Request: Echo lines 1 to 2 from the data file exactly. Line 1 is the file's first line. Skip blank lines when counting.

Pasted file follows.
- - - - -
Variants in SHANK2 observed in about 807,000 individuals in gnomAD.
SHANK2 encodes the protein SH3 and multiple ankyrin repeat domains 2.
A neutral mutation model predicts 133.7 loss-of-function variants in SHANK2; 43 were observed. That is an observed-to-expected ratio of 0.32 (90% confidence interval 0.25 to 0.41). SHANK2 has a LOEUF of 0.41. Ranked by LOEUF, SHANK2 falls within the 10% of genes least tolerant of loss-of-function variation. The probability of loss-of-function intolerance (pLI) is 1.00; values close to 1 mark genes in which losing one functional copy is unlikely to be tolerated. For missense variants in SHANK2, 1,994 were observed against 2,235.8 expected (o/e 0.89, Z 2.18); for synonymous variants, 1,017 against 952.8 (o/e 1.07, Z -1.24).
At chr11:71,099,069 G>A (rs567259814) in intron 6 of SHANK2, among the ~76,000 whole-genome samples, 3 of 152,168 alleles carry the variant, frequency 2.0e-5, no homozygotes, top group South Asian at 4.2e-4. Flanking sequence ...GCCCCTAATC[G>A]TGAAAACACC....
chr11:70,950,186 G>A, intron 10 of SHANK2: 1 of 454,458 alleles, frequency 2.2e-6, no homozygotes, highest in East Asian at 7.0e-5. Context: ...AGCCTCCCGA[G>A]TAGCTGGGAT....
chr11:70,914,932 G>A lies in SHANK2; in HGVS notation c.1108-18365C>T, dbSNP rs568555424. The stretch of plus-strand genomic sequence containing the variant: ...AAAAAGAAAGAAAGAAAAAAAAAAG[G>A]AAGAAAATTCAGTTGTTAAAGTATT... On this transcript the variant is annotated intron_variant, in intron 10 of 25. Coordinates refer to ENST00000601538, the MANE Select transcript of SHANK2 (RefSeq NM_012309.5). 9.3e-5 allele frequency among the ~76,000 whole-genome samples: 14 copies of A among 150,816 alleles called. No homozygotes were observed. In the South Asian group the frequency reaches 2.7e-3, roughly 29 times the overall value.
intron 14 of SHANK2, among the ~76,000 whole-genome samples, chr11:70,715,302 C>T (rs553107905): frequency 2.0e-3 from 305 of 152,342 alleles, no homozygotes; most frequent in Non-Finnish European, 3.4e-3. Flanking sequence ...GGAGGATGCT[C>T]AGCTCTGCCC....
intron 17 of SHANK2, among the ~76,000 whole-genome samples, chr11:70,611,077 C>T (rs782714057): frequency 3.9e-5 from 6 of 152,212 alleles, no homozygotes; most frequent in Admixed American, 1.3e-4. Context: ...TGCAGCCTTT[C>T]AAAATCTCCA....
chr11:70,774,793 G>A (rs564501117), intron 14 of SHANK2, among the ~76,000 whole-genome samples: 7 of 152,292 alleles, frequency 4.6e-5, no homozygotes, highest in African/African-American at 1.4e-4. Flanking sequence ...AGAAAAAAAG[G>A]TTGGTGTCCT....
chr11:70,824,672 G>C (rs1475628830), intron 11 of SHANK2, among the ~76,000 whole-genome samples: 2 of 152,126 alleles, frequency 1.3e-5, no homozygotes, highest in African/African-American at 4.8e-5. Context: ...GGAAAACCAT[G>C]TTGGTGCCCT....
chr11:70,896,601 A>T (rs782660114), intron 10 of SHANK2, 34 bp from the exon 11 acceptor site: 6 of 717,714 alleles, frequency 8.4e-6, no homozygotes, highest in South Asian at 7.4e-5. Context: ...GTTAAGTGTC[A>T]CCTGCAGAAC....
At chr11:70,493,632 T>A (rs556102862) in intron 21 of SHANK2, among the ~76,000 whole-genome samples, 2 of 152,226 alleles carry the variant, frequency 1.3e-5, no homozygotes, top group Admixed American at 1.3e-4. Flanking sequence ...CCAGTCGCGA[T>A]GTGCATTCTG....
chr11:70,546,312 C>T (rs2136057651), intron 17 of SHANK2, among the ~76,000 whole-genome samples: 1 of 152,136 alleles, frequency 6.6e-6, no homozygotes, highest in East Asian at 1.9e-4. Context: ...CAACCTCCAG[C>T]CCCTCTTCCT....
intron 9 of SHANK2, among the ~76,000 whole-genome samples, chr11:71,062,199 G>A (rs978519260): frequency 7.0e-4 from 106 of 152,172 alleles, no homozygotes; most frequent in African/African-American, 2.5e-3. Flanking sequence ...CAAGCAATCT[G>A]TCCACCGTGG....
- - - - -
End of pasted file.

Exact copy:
Variants in SHANK2 observed in about 807,000 individuals in gnomAD.
SHANK2 encodes the protein SH3 and multiple ankyrin repeat domains 2.